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Rand Paul now says he'd support Mitch McConnell as Senate GOP leader

The 'tea party'-backed candidate drops a threat made during the primary to spurn his fellow Kentuckian.

October 04, 2010|By Kathleen Hennessey, Tribune Washington Bureau

Reporting from Louisville, Ky. — Republican Senate candidate Rand Paul said Sunday that, if elected, he would support Mitch McConnell for Senate Republican leader, rejecting speculation that he would spurn his fellow Kentuckian.

During the fierce GOP primary last spring, Paul had threatened not to support McConnell, who was backing Paul's rival, Trey Grayson. Paul soundly defeated Grayson with the help of the "tea party" movement.

But during the first debate of the general election, Paul said he would vote for whomever Republicans chose. "I presume that will be Sen. McConnell," he said.

Paul jousted with his Democratic opponent, state Atty. Gen. Jack Conway, over the role of government, Social Security, the healthcare overhaul and deficit spending. The Republican sought to tie Conway to the Obama administration, while Conway argued that Paul's libertarian-leaning views were extreme.

"I think this election is really about the president's agenda," Paul said. "Do you support the president's agenda or do you not? I think his agenda is wrong for America."

The debate, on "Fox News Sunday," was moderated by Fox anchor Chris Wallace.

In a race dominated by issues of federal spending, Wallace tried to pin down both candidates on their proposals to trim entitlements, such as Social Security. Conway suggested cracking down on fraud and allowing Medicare to negotiate with drug companies for better prices.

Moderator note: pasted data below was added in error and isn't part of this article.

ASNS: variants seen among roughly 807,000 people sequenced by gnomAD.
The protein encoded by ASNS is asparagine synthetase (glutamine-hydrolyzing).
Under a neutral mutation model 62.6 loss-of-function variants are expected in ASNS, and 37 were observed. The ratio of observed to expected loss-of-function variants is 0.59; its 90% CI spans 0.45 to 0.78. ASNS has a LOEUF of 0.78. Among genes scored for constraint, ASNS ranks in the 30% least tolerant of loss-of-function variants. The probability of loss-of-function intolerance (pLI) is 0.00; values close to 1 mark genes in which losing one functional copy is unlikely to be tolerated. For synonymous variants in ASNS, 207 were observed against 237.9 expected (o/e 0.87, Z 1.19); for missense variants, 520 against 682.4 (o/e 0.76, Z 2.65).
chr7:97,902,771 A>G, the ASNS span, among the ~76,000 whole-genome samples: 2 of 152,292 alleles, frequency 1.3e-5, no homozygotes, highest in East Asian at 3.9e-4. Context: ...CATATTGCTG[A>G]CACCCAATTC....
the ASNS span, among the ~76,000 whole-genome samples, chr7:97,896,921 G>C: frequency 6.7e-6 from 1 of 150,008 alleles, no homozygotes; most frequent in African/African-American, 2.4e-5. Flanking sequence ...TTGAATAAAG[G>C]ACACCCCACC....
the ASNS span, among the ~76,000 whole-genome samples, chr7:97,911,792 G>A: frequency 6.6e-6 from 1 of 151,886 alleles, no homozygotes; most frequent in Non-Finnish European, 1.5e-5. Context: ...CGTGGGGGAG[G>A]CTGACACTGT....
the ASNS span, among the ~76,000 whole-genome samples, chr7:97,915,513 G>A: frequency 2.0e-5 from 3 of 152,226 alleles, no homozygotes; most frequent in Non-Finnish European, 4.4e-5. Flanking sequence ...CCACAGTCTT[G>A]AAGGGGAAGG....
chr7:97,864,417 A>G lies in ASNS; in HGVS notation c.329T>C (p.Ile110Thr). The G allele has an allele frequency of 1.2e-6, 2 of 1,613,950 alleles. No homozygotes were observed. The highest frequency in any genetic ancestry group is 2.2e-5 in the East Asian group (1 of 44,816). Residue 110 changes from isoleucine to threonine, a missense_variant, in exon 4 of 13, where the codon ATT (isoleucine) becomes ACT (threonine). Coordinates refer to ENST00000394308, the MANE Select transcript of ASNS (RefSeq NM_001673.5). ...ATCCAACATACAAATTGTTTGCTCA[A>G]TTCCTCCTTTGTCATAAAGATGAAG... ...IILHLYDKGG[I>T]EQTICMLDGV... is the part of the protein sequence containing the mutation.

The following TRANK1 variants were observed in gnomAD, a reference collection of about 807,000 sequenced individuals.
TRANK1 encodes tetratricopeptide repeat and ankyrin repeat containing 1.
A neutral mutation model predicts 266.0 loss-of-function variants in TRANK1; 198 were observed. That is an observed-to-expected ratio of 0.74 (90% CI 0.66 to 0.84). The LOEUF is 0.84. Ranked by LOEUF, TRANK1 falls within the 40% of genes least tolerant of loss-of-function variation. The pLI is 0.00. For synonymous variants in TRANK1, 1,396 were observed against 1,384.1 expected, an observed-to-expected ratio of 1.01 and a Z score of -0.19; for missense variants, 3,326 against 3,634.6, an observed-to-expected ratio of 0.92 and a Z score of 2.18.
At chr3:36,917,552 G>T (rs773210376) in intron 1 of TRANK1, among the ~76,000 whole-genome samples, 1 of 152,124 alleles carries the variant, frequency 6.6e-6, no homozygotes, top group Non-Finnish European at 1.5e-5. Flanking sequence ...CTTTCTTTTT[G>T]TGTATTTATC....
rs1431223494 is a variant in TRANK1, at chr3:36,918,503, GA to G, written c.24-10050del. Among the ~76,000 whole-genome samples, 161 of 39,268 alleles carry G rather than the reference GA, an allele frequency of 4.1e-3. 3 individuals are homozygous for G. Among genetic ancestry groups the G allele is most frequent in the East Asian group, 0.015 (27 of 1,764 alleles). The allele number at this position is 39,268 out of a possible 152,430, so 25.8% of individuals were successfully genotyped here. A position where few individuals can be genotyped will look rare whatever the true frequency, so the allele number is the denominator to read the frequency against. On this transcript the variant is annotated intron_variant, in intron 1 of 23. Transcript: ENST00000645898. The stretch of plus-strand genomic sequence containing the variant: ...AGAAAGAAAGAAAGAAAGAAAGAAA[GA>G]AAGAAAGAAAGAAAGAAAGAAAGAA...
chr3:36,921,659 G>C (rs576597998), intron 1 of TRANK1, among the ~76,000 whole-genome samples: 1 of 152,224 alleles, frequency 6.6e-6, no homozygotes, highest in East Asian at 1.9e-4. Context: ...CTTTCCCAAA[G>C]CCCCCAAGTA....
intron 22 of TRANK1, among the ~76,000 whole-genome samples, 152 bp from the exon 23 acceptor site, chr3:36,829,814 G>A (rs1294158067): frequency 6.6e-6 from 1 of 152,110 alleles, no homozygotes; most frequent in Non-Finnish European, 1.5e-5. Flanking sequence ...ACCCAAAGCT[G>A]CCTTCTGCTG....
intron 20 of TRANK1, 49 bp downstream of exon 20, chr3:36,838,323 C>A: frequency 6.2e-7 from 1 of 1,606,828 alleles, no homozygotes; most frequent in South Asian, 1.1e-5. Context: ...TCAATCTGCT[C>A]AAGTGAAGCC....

Paul resisted offering specifics but said he would not propose changes for those now receiving Social Security and Medicare.

"But we do have to admit that we have the baby boom generation getting ready to retire, and we're going to double the amount of retirees," he said. "And to put our head in the sand and just say we're just going to keep borrowing more money is not going to work. There will have to be changes for the younger generation."

Conway accused Paul of being soft on drug abuse, opposing federal protections for the disabled and wanting to raise premiums for Medicare.

Asked whether he thought Paul was "crazy," Conway said, "I think his ideas are out of the mainstream."

Paul, who has been leading in most polls in the conservative state, has largely avoided directly attacking Conway. But on Sunday, he accused Conway of switching positions on extending George W. Bush-era tax cuts — which expire at the end of the year — and on cap-and-trade legislation intended to reduce carbon emissions.

Conway denied the accusations. He said he supported extending the tax cuts for all Americans, not just families who earned less than $250,000 a year. That puts him in alignment with Republicans in Washington, and in disagreement with President Obama and much of the Democratic Party.

"It's no time to be raising taxes," Conway said.

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